KEY POINTS

  • Research has found that the salmons die even before spawning
  • The harmful chemicals in the stream water can be dangerous to other aquatic beings
  • The samples for the research were taken from urban streams around Puget Sound, near Seattle

Pollution from car tires that wash into streams are the main cause for the mortality of salmon on the US West Coast, a study has found. 

The mass die-off of Coho Salmon, also known as Silver Salmon, have been found due to the fragments of old car tires that flowed into the water. It was found that the shoals of salmon that return to the streams of Washington state were dying even before spawning. 

These salmon, which are two feet in length, are generally born in freshwater streams before they venture out to the sea to live their adult lives. Some of them return to streams that are nearby to lay eggs before dying.  

Initially, the death of this particular species of salmon remained a mystery until a recent study, published in Science, solved the conundrum. The study found out that the stormwater carries fragments of old car tires into creeks and streams that are nearby. These tire fragments had harmful chemical substances that did not breakdown even after reaching the stream and that proved deadly to the Coho Salmon.  

Speaking about the issue, Jennifer McIntyre, assistant professor of Aquatic Toxicology at Washington State University, said, “The salmon would be inexplicably dead, which is tragic because this beautiful wild animal should be culminating its life and then it’s suddenly dead. The more we look, the more we find it. In some years all of the fish we find dead did not spawn," reported The Guardian.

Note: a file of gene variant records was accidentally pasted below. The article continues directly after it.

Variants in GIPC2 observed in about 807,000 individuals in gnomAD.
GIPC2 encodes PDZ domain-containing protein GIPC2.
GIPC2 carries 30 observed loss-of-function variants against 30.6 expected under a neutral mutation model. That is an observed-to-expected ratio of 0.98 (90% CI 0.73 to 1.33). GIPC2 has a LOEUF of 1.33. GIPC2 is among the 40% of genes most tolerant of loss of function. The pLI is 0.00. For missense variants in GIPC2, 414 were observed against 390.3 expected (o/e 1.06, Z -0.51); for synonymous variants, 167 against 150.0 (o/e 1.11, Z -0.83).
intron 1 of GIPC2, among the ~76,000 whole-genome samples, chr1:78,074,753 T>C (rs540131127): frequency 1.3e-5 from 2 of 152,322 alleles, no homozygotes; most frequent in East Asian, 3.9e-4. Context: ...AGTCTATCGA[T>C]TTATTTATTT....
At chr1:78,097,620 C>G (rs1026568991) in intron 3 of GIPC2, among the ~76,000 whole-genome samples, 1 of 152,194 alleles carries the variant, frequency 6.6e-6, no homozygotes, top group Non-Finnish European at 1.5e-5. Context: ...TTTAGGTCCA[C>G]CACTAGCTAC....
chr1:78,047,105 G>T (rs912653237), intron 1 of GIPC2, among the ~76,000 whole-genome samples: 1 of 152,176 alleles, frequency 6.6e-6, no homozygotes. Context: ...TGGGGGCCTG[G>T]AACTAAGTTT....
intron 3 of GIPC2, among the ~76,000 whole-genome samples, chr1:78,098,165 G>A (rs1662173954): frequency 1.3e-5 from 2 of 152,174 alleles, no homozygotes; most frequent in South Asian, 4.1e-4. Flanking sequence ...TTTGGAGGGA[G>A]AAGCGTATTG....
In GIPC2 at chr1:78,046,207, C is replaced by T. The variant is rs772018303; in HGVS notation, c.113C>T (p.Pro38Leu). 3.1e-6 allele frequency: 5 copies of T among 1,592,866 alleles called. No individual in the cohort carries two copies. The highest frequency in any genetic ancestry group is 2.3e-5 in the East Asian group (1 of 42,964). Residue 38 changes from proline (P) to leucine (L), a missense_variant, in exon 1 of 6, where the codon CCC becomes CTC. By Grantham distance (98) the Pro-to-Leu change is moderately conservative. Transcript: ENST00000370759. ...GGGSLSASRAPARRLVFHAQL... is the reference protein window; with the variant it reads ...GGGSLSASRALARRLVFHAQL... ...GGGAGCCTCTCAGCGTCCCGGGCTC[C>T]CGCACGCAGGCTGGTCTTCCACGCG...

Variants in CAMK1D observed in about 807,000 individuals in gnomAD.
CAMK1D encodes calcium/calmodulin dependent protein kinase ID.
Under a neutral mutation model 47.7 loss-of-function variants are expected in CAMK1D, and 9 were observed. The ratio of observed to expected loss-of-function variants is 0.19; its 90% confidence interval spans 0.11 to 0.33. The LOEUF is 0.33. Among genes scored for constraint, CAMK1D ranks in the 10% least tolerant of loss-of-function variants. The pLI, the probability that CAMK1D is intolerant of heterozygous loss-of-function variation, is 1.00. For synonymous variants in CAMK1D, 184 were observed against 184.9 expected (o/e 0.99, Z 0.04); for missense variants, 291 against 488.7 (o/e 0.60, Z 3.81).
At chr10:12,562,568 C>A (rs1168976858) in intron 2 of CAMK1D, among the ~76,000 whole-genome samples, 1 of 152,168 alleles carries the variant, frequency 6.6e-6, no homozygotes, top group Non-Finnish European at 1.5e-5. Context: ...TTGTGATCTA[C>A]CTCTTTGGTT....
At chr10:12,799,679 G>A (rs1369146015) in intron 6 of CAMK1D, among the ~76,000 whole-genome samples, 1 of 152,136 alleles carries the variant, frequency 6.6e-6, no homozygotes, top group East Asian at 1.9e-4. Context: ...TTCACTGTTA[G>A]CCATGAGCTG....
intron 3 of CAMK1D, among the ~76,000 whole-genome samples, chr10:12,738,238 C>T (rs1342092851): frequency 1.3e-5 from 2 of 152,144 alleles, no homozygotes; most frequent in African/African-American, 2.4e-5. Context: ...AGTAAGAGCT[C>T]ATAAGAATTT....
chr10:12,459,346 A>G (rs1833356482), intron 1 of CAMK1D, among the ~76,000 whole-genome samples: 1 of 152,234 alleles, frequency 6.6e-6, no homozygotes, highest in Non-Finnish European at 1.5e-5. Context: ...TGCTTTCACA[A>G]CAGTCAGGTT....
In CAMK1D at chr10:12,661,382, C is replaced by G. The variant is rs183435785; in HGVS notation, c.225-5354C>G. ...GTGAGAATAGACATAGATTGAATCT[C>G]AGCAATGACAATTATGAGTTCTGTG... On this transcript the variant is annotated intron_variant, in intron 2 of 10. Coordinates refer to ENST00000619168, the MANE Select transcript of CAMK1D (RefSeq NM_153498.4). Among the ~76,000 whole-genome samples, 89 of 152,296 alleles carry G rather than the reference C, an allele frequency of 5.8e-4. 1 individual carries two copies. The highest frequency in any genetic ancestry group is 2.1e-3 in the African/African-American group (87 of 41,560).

The samples for the research study were taken from urban streams around Puget Sound, near Seattle. After careful observation, the analysis concluded that a substance called 6PPD, which is generally utilized as a preservative for car tires, was found in the samples. The cause of death due to this toxic chemical substance is still unknown but McIntyre said it can be due to “acute cardio-respiratory problem.”

The findings of the study also mention that apart from the salmon, other aquatic creatures in the U.S. and around the world also may be found at risk due to the chemical from the car tire. Animals are being “exposed to this giant chemical soup and we don’t know what many of the chemicals in it even are," said Edward Kolodziej, the co-author of the study, who is also an associate professor at the University of Washington. 

“Here we started with a mix of 2,000 chemicals and were able to get all the way down to this one highly toxic chemical, something that kills large fish quickly and we think is probably found on every single busy road in the world,” he added. 

The Coho Salmon is listed as either threatened or endangered along the US West Coast and have reduced in number from the highly advanced areas, such as places as near as San Francisco. These are some of the species of salmon that face many threats from dams, pollution and climate crisis.  Coho Salmon Coho Salmon Photo: Pixabay

In a bid to save the Chinook and Sockeye salmon, the federal authorities had sanctioned to cull of hundreds of sea lions along the Columbia River basin this summer. In another related incident, the US government had decided against a proposed gold and copper mine in Alaska that would have put the largest wild salmon run at risk. 

“Most species of salmon are experiencing a serious threat at least somewhere in their native range,” said McIntyre. “One of my lifelong goals would be to make our cohabitation with them more sustainable. Salmon are beautiful and delicious and important to ecosystems but they are becoming a rare thing for people to experience," he added.